Secretary: Michael David Jenkins was raised in Independence, Virginia. After graduating from Grayson County High School in 1989 he attended Emory and Henry College where he earned a B.A. in Spanish and English. During this time he also attended La Universidad de San Juan Evangelista in Madrid, Spain. Afterward, he attended Virginia Polytechnic and State University where he earned a Masters of Arts in Education with a focus on Curriculum and Instruction. Upon graduating from Virginia Tech, he began his teaching career in Stokes County, NC as a Spanish teacher. He leads student and adult groups to Costa Rica, Perú, and Western Europe to experience cultural diversity, history, and current environmental conservation practices, eco-tourism opportunities, and alternative energy efforts.
In addition to his teaching profession, Michael opened in 2003 and still operates with his husband, Matthew Greene, Ward Manor Events Venue on the family farm. Being the shepherd of this Bicentennial Farm is his joy. He eagerly awaits the arrival of his retirement when he may be afforded the opportunity to more enjoy his hobbies of vegetable and flower gardening, and looks forward, at that time, to being a regular vendor at the Independence Farmerś Market.
At-Large: Caroline Clough is a recent transplant to Grayson County, having bought a house and 21 acres in December 2019 (just in time for a pandemic!). Between receiving her bachelor’s degrees in Creative Writing and Photography at Bard College, and her MFA in Writing at the School of the Art Institute Chicago, she worked on a sheep farm in the Hudson Valley, which sparked an even deeper love and appreciation for living in a rural environment and working with animals. After working as an editor in Philadelphia for a number of years, Caroline refound her passion for farm work and country living during an apprenticeship at a sheep farm and dairy on Whidbey Island, Washington, and spent further time as a farmhand at a multi-species farm in Ellensburg, Washington. She now works as a freelance editor, generally assisting clients in preparing their application materials for top tier undergraduate and graduate programs. Caroline spends her free time hanging out with her dogs, Birdie and Hippo, and 12 chickens (unnamed); cooking too much food for just one person to eat; listening to too many true crime podcasts; and trying desperately to be a better gouache painter while stubbornly refusing to take any lessons or view any tutorials. She also finally dipped her thumbs into gardening with middling results but loves supplying herself with fresh flowers (zinnias and dahlias especially) all summer long. In the future she hopes to build up her property’s infrastructure and add sheep and pigs to her list of dependents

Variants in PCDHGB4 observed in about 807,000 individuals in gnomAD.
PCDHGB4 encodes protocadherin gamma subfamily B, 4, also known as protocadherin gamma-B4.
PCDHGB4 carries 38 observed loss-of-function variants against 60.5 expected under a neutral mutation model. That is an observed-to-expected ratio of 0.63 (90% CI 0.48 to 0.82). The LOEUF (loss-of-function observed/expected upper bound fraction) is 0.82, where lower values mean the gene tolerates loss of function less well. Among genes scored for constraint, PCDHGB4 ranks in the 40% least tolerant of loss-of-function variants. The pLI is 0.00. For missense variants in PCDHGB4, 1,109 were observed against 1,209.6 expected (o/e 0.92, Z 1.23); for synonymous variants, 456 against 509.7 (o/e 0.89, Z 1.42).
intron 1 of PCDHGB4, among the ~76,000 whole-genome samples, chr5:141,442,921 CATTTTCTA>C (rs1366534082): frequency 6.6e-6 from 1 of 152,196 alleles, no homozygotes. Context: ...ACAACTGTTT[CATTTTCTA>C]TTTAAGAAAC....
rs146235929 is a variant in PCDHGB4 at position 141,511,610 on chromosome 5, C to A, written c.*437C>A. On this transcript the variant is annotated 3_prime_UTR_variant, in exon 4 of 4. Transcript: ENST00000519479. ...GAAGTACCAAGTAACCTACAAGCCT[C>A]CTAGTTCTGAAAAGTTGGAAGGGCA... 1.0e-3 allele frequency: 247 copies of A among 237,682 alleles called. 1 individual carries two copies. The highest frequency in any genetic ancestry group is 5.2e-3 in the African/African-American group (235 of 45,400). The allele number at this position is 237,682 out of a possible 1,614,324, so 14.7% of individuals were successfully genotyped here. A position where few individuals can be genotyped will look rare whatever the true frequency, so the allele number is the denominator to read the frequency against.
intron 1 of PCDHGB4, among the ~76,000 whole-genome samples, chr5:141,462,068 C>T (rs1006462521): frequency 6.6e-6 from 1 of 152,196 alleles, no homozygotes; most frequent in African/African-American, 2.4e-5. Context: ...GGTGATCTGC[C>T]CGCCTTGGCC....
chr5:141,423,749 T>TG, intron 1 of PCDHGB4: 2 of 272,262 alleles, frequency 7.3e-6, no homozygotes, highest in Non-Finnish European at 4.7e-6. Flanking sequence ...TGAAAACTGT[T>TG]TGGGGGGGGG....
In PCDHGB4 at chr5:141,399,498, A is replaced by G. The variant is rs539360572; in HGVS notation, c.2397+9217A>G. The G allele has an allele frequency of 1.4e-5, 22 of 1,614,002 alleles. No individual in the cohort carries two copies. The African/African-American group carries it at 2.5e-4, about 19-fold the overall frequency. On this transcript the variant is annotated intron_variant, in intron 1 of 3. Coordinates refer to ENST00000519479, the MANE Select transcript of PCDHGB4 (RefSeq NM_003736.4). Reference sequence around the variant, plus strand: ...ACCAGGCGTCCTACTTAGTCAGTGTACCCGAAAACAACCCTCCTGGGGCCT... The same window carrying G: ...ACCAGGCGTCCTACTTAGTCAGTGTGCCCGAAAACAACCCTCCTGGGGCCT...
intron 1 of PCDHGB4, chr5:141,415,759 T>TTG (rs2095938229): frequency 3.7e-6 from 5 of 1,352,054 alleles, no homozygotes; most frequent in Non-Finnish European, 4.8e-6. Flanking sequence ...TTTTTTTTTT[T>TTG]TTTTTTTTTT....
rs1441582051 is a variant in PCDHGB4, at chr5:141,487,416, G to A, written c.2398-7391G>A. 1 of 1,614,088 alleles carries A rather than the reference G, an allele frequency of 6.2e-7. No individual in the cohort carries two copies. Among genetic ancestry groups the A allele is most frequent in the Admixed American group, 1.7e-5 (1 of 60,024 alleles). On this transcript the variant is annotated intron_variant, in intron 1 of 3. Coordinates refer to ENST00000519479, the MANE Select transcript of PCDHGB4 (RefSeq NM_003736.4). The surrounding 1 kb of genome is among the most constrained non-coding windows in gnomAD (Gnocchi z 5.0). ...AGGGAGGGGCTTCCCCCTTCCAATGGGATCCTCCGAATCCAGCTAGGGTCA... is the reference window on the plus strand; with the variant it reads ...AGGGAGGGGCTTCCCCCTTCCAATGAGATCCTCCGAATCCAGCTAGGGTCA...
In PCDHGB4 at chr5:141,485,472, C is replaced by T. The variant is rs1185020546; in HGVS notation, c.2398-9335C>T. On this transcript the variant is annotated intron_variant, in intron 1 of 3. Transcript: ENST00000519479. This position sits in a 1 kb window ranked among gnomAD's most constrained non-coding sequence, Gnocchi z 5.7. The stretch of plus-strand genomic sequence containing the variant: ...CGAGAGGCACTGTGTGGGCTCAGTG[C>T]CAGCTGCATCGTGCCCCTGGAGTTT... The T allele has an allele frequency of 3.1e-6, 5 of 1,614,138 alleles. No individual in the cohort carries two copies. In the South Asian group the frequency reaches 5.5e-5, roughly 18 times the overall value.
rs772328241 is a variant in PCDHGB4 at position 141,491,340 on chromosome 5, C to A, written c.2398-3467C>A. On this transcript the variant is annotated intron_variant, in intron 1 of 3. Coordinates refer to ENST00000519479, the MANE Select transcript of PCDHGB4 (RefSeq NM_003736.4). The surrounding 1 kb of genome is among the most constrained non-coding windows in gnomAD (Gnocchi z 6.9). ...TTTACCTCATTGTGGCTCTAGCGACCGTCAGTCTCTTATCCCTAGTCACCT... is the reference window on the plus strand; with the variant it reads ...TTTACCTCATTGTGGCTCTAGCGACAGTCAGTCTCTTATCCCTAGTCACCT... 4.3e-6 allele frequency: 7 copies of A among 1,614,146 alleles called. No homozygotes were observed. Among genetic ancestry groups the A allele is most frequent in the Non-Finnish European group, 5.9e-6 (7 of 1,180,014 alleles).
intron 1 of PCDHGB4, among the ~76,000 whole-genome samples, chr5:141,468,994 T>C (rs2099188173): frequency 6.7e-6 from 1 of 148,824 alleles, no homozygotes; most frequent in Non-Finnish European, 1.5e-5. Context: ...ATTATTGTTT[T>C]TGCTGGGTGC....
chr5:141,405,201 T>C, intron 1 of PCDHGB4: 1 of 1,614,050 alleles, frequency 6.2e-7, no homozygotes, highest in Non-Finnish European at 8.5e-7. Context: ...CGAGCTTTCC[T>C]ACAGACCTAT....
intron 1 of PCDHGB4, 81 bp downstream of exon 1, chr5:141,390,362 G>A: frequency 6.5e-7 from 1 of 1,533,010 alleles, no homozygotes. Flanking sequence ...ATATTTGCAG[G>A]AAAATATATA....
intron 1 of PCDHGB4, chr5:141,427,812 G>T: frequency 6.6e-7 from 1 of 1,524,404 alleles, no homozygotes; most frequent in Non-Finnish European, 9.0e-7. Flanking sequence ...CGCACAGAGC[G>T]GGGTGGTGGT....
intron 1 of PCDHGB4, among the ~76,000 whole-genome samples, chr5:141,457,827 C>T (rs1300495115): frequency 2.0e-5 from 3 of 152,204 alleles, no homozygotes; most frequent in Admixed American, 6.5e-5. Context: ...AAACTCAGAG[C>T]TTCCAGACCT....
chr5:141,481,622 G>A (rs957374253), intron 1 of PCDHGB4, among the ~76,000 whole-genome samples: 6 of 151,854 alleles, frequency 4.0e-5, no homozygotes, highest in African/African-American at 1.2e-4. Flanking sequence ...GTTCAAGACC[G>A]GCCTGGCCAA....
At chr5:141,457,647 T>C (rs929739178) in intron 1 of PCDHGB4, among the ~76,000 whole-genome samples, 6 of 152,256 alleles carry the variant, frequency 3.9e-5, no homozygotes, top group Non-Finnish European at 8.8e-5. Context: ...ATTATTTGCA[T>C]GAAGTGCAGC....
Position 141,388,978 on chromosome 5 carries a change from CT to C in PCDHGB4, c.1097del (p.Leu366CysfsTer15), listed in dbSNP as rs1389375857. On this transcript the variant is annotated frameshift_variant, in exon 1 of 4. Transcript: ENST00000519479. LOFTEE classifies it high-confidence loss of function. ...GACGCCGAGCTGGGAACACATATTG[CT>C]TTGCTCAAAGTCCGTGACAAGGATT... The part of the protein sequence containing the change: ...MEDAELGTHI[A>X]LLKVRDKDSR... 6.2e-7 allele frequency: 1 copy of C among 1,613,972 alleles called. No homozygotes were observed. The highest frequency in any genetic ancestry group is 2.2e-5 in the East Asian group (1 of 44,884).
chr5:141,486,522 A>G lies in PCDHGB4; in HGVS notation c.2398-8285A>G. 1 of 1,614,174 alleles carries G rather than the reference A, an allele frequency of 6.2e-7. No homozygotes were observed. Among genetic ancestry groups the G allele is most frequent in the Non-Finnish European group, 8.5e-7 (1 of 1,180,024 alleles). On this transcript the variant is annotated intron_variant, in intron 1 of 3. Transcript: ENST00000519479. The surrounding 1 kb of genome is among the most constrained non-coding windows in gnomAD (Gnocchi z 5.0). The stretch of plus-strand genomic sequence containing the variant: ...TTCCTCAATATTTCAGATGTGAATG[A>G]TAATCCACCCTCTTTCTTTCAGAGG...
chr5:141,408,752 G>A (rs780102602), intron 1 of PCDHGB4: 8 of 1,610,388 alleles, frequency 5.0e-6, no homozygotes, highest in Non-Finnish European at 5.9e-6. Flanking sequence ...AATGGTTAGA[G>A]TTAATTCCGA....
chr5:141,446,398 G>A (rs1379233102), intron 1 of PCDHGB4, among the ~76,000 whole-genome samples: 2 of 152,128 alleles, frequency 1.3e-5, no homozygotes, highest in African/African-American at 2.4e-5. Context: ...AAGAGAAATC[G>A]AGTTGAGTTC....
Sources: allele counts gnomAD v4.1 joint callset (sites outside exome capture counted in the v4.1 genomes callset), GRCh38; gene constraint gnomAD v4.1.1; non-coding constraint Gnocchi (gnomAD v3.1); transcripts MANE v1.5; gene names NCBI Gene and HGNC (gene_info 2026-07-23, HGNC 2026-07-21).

Ann Watson is originally from Northern California where she attended the University of California at Davis, earning a BS in anthropology. Following graduation, she stayed in town to join a cooperative restaurant modeled after the Moosewood collective. It was there that she was introduced to the joys of preparing and serving organic locally sourced foods. While a career dream of joining the Leakey Foundation in Africa was never realized, she did travel east to train for her second vocation in health care. Motivated to eventually serve a rural community, Ann attended the Physician Assistant (PA) program at Duke. Upon graduation, she was privileged to embark on a 36 year career in Family Medicine in Grayson and Alleghany (NC) counties. She commuted back to Durham as a working mom to complete her Master’s degree in Health Science.in 1996.
Ann married a local mixed practice veterinarian, Bill DeBord, in 1988. Farm calls together provided a unique picture of a transitioning local economy. It also gave her an opportunity to meet many long-term residents and to come to appreciate the land in a new way. They raised beef cattle and two sons together until Bill’s death in 2001. Dan is now a commercial lobsterman living on a small island off the coast of Maine. He hopes to pursue an interest in aqua- culture in the future, combining his farming heritage with a love of the sea. His older brother Will is a Public Defender in Fredericksburg Virginia. Both are fairly tolerant of visits from mom.
Ann is a member of the Church of the Good Shepherd and enjoyed the First Friday Film series events offered there. She is active in the Grayson Permaculture group, and as a recent retiree, is excited to have time to volunteer now with Food Independence as well as the Free Market. While a haphazard gardener at best, she appreciates those who do so more successfully and is happy to buy their produce at the Farmer’s Market. Ann enjoys reading and travel and is honored to serve on the GLC board.
At-Large: Matthew Greene was born in North Wilkesboro, North Carolina. Always a lover of the mountains, he moved to Grayson County in 2007 and opened a custom frame shop in Independence. Since then, his appreciation for the beauty and splendor of the Appalachian Mountains has only grown. He is reminded daily of how magical they are, and how fragile.